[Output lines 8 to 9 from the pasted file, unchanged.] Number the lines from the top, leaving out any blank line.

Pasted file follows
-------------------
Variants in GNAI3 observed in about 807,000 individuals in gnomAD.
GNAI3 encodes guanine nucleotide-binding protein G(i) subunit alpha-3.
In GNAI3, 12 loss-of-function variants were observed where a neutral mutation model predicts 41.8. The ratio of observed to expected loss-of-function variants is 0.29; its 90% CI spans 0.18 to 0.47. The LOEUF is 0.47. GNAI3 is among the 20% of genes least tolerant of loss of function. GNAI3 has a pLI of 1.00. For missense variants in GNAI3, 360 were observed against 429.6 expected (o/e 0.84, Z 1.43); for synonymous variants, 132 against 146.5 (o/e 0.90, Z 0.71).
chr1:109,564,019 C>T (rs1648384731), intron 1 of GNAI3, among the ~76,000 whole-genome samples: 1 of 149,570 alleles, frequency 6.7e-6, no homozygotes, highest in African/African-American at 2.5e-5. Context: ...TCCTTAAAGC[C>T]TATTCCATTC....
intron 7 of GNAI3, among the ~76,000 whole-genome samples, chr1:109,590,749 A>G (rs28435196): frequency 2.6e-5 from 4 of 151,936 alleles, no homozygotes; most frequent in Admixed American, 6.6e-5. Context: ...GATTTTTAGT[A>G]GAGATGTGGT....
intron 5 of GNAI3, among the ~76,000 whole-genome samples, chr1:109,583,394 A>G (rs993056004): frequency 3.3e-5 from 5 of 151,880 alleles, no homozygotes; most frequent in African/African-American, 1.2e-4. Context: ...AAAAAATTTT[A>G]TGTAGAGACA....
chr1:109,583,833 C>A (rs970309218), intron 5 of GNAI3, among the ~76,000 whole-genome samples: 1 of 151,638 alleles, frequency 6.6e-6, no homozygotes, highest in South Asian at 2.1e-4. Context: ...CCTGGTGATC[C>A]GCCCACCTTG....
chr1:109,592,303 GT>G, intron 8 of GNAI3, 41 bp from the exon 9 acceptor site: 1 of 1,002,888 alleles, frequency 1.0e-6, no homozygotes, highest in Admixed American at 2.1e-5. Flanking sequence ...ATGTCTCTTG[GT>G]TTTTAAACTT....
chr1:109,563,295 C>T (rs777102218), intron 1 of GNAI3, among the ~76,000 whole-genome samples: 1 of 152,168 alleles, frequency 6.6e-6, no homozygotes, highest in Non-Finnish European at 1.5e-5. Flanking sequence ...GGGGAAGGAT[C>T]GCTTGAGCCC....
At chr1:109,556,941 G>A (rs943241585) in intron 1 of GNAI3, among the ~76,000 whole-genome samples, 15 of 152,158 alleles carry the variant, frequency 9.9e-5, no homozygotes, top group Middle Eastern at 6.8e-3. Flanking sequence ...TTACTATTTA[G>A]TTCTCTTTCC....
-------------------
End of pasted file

chr1:109,592,303 GT>G, intron 8 of GNAI3, 41 bp from the exon 9 acceptor site: 1 of 1,002,888 alleles, frequency 1.0e-6, no homozygotes, highest in Admixed American at 2.1e-5. Flanking sequence ...ATGTCTCTTG[GT>G]TTTTAAACTT....
chr1:109,563,295 C>T (rs777102218), intron 1 of GNAI3, among the ~76,000 whole-genome samples: 1 of 152,168 alleles, frequency 6.6e-6, no homozygotes, highest in Non-Finnish European at 1.5e-5. Flanking sequence ...GGGGAAGGAT[C>T]GCTTGAGCCC....